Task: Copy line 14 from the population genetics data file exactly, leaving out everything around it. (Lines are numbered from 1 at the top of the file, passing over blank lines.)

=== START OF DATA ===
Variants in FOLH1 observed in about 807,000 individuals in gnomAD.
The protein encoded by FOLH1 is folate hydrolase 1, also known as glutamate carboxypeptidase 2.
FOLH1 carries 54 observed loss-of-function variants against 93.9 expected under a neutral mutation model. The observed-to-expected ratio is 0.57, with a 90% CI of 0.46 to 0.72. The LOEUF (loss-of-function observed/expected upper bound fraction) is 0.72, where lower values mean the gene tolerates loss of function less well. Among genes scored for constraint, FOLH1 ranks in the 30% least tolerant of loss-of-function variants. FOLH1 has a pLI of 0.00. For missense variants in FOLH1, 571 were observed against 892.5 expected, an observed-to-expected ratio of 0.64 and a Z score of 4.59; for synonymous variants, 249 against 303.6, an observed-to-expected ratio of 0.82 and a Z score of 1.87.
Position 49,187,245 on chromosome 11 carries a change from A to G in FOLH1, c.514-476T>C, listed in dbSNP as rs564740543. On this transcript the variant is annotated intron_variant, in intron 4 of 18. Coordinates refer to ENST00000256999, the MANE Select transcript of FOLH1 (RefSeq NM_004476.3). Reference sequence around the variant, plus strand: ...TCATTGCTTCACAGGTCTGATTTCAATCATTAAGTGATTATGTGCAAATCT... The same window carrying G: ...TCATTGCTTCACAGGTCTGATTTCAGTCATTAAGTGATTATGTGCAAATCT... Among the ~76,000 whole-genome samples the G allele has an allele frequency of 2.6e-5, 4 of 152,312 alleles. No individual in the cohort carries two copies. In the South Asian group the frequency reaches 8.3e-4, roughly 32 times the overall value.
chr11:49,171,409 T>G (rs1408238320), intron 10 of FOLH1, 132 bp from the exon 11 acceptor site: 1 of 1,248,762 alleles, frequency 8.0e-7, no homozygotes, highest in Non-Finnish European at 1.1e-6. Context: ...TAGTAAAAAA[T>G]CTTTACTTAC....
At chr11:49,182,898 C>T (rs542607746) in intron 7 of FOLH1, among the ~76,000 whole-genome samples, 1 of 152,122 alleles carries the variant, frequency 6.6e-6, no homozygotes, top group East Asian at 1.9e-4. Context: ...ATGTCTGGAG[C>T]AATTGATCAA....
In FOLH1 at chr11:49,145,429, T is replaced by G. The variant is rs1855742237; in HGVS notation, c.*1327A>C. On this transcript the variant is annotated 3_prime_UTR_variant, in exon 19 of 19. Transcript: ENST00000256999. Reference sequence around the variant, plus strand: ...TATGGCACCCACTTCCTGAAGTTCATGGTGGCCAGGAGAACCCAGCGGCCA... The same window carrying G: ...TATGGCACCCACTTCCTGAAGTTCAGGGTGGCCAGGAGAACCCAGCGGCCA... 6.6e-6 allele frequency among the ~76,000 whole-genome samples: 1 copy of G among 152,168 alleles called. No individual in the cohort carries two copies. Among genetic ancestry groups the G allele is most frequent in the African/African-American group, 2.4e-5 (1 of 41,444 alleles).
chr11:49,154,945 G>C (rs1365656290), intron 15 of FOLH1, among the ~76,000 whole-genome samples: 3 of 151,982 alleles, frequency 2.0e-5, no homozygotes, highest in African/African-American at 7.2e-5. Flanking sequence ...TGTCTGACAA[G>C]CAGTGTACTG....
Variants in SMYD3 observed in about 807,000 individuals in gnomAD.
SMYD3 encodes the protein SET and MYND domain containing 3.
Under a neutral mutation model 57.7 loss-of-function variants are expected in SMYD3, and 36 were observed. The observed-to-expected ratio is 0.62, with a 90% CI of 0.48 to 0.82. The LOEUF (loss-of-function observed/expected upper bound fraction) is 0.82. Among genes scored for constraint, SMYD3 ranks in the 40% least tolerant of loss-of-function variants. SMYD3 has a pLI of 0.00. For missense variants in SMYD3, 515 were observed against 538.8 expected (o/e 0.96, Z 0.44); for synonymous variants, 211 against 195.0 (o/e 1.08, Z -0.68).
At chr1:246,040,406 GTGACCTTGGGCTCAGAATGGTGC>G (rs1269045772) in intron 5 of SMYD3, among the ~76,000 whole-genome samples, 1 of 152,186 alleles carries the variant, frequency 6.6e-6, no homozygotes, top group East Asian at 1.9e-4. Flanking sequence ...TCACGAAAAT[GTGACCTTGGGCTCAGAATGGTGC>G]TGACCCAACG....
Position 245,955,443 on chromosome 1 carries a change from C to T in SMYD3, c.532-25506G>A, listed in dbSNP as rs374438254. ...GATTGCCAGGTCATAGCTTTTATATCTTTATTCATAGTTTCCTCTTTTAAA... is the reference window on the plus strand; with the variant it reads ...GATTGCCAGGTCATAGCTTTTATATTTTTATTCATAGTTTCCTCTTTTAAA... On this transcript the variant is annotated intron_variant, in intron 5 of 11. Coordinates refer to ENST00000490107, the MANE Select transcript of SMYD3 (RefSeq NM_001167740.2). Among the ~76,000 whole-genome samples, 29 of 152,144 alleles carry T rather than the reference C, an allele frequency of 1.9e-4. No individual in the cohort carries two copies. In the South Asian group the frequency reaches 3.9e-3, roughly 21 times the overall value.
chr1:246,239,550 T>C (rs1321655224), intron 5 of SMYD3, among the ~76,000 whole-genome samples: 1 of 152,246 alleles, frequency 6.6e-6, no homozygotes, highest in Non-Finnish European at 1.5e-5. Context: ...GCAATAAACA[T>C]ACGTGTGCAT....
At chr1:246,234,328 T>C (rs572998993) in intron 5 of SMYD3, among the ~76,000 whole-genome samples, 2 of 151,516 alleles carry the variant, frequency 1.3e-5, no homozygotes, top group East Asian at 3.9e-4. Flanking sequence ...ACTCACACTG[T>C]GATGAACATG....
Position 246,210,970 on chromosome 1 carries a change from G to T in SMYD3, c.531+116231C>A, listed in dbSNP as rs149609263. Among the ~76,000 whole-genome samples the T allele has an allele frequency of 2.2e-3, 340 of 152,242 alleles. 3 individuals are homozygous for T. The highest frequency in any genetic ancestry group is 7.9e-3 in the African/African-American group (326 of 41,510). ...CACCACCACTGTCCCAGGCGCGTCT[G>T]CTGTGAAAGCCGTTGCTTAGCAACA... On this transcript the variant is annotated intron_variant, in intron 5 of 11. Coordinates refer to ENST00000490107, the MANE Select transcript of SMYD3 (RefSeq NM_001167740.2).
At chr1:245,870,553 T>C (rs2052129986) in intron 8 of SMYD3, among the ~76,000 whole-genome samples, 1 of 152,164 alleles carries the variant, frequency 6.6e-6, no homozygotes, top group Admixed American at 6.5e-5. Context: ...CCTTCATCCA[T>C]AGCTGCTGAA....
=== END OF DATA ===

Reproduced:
chr1:246,239,550 T>C (rs1321655224), intron 5 of SMYD3, among the ~76,000 whole-genome samples: 1 of 152,246 alleles, frequency 6.6e-6, no homozygotes, highest in Non-Finnish European at 1.5e-5. Context: ...GCAATAAACA[T>C]ACGTGTGCAT....